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  • Created on: 02-02-16 18:14

Energy Transfer

Infared Radiation

Infared radiation involves heat energy transfer by electromagnetic radiation, no particles of matter are involved.

All objects emit and absorb infared radiation, the hotter an object is, the more energy it radiates. The amount of infared radiation an object gives out or takes in, depends on its surface, shape and dimensions.

Dark, matt surfaces emit and absorb more infared radiation than light, shiny surfaces. Light shiny surfaces are good reflectors of radiation.

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Kinetic Theory

Kinetic Theory 

Kinetic theroy explains the states and properties of matter (solids, liquids and gases).

The particles in these three states constantly vibrate, but they vibrate more slowly when they are cooler, and faster when they are hotter, sometimes causing them to change their state.

                   Solid                                 Liquid                             Gas

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Energy transfer by heating

Energy transfer by Heating

Energy transfer by heating requires the movement of particles, when the particles collide with one another, the particles undergo changes that cause them to vibrate more or less, and transfer their energy.

The process of energy transfer can be carried out in one of four ways:

  • conduction
  • convection
  • evaporation
  • condensation
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Conduction occurs when particles within a material/matter are heated, causing them to vibrate more violently, their free elecrons that move freely around the material/matter carry the energy through it, causing it to heat up.

Insulators and Conductors

Insulators (such as cardboard) have very few or no free electrons to carry energy, so they do not conduct heat and/or electricity.

Conductors are the opposite, having lots of free electrons to carry the energy through the object.

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Convection is the movement of particles, that causes heat energy transfer.

Convection Currents

Convection only occurs in liquids and gases, and create convection currents:

  • Particles in the liquid/gas nearest the energy source gain energy and move faster, causing the substance to expand, and become less donse.
  • The now heated substance rises vertically, as it does so, it cools, becomes denser and then sinks.
  • The colder, denser substance moves into the space created (close to the heat source), and the cycle repeats.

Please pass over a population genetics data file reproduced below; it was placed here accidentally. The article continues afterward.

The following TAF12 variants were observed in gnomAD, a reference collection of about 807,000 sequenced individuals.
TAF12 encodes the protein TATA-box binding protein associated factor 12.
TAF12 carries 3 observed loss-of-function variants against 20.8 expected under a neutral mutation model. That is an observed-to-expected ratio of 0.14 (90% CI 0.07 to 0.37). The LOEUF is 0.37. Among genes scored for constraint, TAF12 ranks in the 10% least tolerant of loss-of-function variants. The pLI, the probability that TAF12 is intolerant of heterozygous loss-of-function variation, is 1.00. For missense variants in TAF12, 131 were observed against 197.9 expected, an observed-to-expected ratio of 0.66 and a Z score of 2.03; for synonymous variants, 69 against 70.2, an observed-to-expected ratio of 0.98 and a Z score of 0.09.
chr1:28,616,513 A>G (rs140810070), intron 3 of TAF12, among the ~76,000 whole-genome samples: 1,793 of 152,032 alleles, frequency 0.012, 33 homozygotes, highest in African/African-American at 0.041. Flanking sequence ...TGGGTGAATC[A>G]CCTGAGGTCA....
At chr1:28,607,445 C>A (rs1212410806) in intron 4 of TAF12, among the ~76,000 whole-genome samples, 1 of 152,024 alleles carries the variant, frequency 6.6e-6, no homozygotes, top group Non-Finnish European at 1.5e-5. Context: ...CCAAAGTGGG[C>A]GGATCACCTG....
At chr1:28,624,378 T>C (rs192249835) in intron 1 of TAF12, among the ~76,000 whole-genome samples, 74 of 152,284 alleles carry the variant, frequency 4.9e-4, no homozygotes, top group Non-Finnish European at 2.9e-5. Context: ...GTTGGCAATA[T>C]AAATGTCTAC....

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Evaporation & Condensation


Evaporation occurs when a liquid is heated. Its particles vibrtate faster and more violently, then some of the particles that have enough energy, can escape from the surface of the liquid, and become a gas. This is called evaporation.


When a gas comes into contact with a cold surface, some of its energy that was being used to keep it in a gas form, is lost and transferred into the surface that it comes into contact with. When this happens, the gas' new lack of energy causes it to become a liquid. This is called condensation.

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Rate of Energy Transfer

Rate of Energy Transfer

The rate of energy transfer of a material depends on many factors:

  • its surface area and volume
  • what it is made from
  • the nature of the surface it comes into contact with
  • its temerature

The larger the temperature difference is between a material and its surroundings, the faster energy will be transferred.

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Specific heat capacity

Specific heat capacity

Every material has a different specific heat capacity.

The specific heat capacity of a material, is the amount of energy required to raise 1kg that material's temperature, by 1°C.

To work out the energy required, this equation is used:

                                           E θ

E = Energy transferred in Joules (J)

m = Mass (kg)

c = Specific heat capacity (J/kg)

θ = Temperature change (­°C)

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Energy Efficiency

An appliance's effiency refers to the proportion  of energy/power that is used usefully (for the appliance's purpose); the more efficient an appliance is, the more cost-effective it is.

To calculate efficiency, this equation is used:

Efficiency = (useful output ÷ total input) x 100%

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